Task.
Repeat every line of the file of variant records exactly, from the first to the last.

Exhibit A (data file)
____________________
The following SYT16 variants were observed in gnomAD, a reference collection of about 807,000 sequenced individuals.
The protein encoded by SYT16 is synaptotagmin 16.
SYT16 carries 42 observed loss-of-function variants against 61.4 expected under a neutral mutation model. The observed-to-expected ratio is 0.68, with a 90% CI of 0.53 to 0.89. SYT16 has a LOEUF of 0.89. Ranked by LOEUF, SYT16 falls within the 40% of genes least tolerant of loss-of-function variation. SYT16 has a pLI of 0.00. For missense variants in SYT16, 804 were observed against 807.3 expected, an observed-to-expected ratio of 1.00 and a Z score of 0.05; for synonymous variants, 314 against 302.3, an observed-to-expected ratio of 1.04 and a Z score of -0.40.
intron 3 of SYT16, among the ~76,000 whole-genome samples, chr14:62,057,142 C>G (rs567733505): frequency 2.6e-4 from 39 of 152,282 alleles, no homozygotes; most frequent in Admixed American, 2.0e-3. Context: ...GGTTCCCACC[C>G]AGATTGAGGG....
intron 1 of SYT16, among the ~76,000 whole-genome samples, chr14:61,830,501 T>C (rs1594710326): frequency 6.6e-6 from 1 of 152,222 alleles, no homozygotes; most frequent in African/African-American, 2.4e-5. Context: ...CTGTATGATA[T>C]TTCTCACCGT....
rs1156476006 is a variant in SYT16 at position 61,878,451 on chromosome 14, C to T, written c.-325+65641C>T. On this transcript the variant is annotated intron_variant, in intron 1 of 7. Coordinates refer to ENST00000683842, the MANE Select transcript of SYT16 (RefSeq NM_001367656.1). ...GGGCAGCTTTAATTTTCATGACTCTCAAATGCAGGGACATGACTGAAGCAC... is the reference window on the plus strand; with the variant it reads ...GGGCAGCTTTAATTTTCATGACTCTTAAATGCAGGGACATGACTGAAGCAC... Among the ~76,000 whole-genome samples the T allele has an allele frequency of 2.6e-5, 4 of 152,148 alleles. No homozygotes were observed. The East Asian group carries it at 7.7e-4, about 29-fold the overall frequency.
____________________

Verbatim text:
The following SYT16 variants were observed in gnomAD, a reference collection of about 807,000 sequenced individuals.
The protein encoded by SYT16 is synaptotagmin 16.
SYT16 carries 42 observed loss-of-function variants against 61.4 expected under a neutral mutation model. The observed-to-expected ratio is 0.68, with a 90% CI of 0.53 to 0.89. SYT16 has a LOEUF of 0.89. Ranked by LOEUF, SYT16 falls within the 40% of genes least tolerant of loss-of-function variation. SYT16 has a pLI of 0.00. For missense variants in SYT16, 804 were observed against 807.3 expected, an observed-to-expected ratio of 1.00 and a Z score of 0.05; for synonymous variants, 314 against 302.3, an observed-to-expected ratio of 1.04 and a Z score of -0.40.
intron 3 of SYT16, among the ~76,000 whole-genome samples, chr14:62,057,142 C>G (rs567733505): frequency 2.6e-4 from 39 of 152,282 alleles, no homozygotes; most frequent in Admixed American, 2.0e-3. Context: ...GGTTCCCACC[C>G]AGATTGAGGG....
intron 1 of SYT16, among the ~76,000 whole-genome samples, chr14:61,830,501 T>C (rs1594710326): frequency 6.6e-6 from 1 of 152,222 alleles, no homozygotes; most frequent in African/African-American, 2.4e-5. Context: ...CTGTATGATA[T>C]TTCTCACCGT....
rs1156476006 is a variant in SYT16 at position 61,878,451 on chromosome 14, C to T, written c.-325+65641C>T. On this transcript the variant is annotated intron_variant, in intron 1 of 7. Coordinates refer to ENST00000683842, the MANE Select transcript of SYT16 (RefSeq NM_001367656.1). ...GGGCAGCTTTAATTTTCATGACTCTCAAATGCAGGGACATGACTGAAGCAC... is the reference window on the plus strand; with the variant it reads ...GGGCAGCTTTAATTTTCATGACTCTTAAATGCAGGGACATGACTGAAGCAC... Among the ~76,000 whole-genome samples the T allele has an allele frequency of 2.6e-5, 4 of 152,148 alleles. No homozygotes were observed. The East Asian group carries it at 7.7e-4, about 29-fold the overall frequency.